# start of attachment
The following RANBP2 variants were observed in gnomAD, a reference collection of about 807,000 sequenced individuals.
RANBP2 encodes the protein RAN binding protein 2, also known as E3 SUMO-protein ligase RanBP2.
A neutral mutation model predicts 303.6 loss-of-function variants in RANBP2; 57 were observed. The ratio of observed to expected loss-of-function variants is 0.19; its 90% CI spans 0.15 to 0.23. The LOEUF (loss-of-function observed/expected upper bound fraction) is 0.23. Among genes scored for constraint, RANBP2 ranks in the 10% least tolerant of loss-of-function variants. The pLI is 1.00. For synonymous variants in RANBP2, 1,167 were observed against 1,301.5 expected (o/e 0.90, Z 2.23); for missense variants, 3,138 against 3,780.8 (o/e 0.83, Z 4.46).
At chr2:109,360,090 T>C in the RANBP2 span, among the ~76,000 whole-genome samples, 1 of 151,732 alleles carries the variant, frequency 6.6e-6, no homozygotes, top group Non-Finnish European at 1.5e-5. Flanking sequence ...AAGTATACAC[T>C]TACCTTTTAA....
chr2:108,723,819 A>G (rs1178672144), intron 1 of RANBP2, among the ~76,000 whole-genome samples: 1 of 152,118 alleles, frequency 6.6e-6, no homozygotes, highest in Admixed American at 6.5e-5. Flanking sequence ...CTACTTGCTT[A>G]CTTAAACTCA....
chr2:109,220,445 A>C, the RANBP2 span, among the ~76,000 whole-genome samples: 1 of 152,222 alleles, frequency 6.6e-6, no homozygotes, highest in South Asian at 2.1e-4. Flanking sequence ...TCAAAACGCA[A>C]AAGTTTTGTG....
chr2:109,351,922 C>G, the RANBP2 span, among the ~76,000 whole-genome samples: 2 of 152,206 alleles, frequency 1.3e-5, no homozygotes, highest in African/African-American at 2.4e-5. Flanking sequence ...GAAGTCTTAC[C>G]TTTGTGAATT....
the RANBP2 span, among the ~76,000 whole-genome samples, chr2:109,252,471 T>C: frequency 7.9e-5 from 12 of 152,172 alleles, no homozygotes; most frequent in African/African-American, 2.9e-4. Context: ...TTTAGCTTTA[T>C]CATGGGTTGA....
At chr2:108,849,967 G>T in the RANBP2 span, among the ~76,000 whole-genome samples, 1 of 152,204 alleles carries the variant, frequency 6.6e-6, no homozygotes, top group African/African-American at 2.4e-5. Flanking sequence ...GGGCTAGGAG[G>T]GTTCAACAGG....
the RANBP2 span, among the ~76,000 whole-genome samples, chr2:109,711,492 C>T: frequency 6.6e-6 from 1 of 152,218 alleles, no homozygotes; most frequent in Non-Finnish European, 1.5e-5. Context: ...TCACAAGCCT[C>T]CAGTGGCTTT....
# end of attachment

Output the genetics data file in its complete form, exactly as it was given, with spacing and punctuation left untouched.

The following RANBP2 variants were observed in gnomAD, a reference collection of about 807,000 sequenced individuals.
RANBP2 encodes the protein RAN binding protein 2, also known as E3 SUMO-protein ligase RanBP2.
A neutral mutation model predicts 303.6 loss-of-function variants in RANBP2; 57 were observed. The ratio of observed to expected loss-of-function variants is 0.19; its 90% CI spans 0.15 to 0.23. The LOEUF (loss-of-function observed/expected upper bound fraction) is 0.23. Among genes scored for constraint, RANBP2 ranks in the 10% least tolerant of loss-of-function variants. The pLI is 1.00. For synonymous variants in RANBP2, 1,167 were observed against 1,301.5 expected (o/e 0.90, Z 2.23); for missense variants, 3,138 against 3,780.8 (o/e 0.83, Z 4.46).
At chr2:109,360,090 T>C in the RANBP2 span, among the ~76,000 whole-genome samples, 1 of 151,732 alleles carries the variant, frequency 6.6e-6, no homozygotes, top group Non-Finnish European at 1.5e-5. Flanking sequence ...AAGTATACAC[T>C]TACCTTTTAA....
chr2:108,723,819 A>G (rs1178672144), intron 1 of RANBP2, among the ~76,000 whole-genome samples: 1 of 152,118 alleles, frequency 6.6e-6, no homozygotes, highest in Admixed American at 6.5e-5. Flanking sequence ...CTACTTGCTT[A>G]CTTAAACTCA....
chr2:109,220,445 A>C, the RANBP2 span, among the ~76,000 whole-genome samples: 1 of 152,222 alleles, frequency 6.6e-6, no homozygotes, highest in South Asian at 2.1e-4. Flanking sequence ...TCAAAACGCA[A>C]AAGTTTTGTG....
chr2:109,351,922 C>G, the RANBP2 span, among the ~76,000 whole-genome samples: 2 of 152,206 alleles, frequency 1.3e-5, no homozygotes, highest in African/African-American at 2.4e-5. Flanking sequence ...GAAGTCTTAC[C>G]TTTGTGAATT....
the RANBP2 span, among the ~76,000 whole-genome samples, chr2:109,252,471 T>C: frequency 7.9e-5 from 12 of 152,172 alleles, no homozygotes; most frequent in African/African-American, 2.9e-4. Context: ...TTTAGCTTTA[T>C]CATGGGTTGA....
At chr2:108,849,967 G>T in the RANBP2 span, among the ~76,000 whole-genome samples, 1 of 152,204 alleles carries the variant, frequency 6.6e-6, no homozygotes, top group African/African-American at 2.4e-5. Flanking sequence ...GGGCTAGGAG[G>T]GTTCAACAGG....
the RANBP2 span, among the ~76,000 whole-genome samples, chr2:109,711,492 C>T: frequency 6.6e-6 from 1 of 152,218 alleles, no homozygotes; most frequent in Non-Finnish European, 1.5e-5. Context: ...TCACAAGCCT[C>T]CAGTGGCTTT....